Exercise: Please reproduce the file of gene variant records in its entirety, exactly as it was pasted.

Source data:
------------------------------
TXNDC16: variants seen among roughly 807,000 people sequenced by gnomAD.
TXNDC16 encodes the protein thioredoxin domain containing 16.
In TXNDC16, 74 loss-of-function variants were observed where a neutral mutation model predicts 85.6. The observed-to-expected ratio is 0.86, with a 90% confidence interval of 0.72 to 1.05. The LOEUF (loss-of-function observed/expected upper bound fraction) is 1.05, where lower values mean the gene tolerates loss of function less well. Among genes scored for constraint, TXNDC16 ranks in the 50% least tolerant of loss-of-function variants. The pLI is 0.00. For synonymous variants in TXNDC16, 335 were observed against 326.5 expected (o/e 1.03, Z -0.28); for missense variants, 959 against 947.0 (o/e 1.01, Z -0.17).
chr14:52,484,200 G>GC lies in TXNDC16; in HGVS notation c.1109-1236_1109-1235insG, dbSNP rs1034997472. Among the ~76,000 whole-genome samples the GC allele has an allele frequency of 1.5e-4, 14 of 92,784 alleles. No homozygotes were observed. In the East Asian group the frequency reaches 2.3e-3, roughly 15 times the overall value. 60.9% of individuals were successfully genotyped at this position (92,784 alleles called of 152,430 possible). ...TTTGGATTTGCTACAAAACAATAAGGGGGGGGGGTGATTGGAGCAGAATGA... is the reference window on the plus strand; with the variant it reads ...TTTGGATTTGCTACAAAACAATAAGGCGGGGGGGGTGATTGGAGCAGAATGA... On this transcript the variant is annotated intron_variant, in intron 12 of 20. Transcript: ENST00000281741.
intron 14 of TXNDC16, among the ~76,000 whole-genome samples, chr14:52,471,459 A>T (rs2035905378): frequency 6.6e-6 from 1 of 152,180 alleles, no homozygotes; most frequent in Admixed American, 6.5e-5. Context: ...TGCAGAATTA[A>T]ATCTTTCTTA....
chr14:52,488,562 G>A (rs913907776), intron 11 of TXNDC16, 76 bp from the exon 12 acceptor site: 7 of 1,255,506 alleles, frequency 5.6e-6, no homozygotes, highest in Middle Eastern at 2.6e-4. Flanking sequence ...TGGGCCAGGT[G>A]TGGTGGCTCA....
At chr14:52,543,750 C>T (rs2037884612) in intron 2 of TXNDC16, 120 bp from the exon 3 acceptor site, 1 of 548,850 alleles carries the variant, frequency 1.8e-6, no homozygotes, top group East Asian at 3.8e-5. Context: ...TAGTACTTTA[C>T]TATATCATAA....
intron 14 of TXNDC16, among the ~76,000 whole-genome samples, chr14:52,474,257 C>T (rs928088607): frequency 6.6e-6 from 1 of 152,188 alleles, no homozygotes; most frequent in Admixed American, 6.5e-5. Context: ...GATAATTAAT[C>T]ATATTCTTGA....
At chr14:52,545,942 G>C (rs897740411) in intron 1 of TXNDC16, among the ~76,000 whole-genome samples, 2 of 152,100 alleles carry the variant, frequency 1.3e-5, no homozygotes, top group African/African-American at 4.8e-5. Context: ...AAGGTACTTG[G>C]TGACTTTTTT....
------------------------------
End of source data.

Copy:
TXNDC16: variants seen among roughly 807,000 people sequenced by gnomAD.
TXNDC16 encodes the protein thioredoxin domain containing 16.
In TXNDC16, 74 loss-of-function variants were observed where a neutral mutation model predicts 85.6. The observed-to-expected ratio is 0.86, with a 90% confidence interval of 0.72 to 1.05. The LOEUF (loss-of-function observed/expected upper bound fraction) is 1.05, where lower values mean the gene tolerates loss of function less well. Among genes scored for constraint, TXNDC16 ranks in the 50% least tolerant of loss-of-function variants. The pLI is 0.00. For synonymous variants in TXNDC16, 335 were observed against 326.5 expected (o/e 1.03, Z -0.28); for missense variants, 959 against 947.0 (o/e 1.01, Z -0.17).
chr14:52,484,200 G>GC lies in TXNDC16; in HGVS notation c.1109-1236_1109-1235insG, dbSNP rs1034997472. Among the ~76,000 whole-genome samples the GC allele has an allele frequency of 1.5e-4, 14 of 92,784 alleles. No homozygotes were observed. In the East Asian group the frequency reaches 2.3e-3, roughly 15 times the overall value. 60.9% of individuals were successfully genotyped at this position (92,784 alleles called of 152,430 possible). ...TTTGGATTTGCTACAAAACAATAAGGGGGGGGGGTGATTGGAGCAGAATGA... is the reference window on the plus strand; with the variant it reads ...TTTGGATTTGCTACAAAACAATAAGGCGGGGGGGGTGATTGGAGCAGAATGA... On this transcript the variant is annotated intron_variant, in intron 12 of 20. Transcript: ENST00000281741.
intron 14 of TXNDC16, among the ~76,000 whole-genome samples, chr14:52,471,459 A>T (rs2035905378): frequency 6.6e-6 from 1 of 152,180 alleles, no homozygotes; most frequent in Admixed American, 6.5e-5. Context: ...TGCAGAATTA[A>T]ATCTTTCTTA....
chr14:52,488,562 G>A (rs913907776), intron 11 of TXNDC16, 76 bp from the exon 12 acceptor site: 7 of 1,255,506 alleles, frequency 5.6e-6, no homozygotes, highest in Middle Eastern at 2.6e-4. Flanking sequence ...TGGGCCAGGT[G>A]TGGTGGCTCA....
At chr14:52,543,750 C>T (rs2037884612) in intron 2 of TXNDC16, 120 bp from the exon 3 acceptor site, 1 of 548,850 alleles carries the variant, frequency 1.8e-6, no homozygotes, top group East Asian at 3.8e-5. Context: ...TAGTACTTTA[C>T]TATATCATAA....
intron 14 of TXNDC16, among the ~76,000 whole-genome samples, chr14:52,474,257 C>T (rs928088607): frequency 6.6e-6 from 1 of 152,188 alleles, no homozygotes; most frequent in Admixed American, 6.5e-5. Context: ...GATAATTAAT[C>T]ATATTCTTGA....
At chr14:52,545,942 G>C (rs897740411) in intron 1 of TXNDC16, among the ~76,000 whole-genome samples, 2 of 152,100 alleles carry the variant, frequency 1.3e-5, no homozygotes, top group African/African-American at 4.8e-5. Context: ...AAGGTACTTG[G>C]TGACTTTTTT....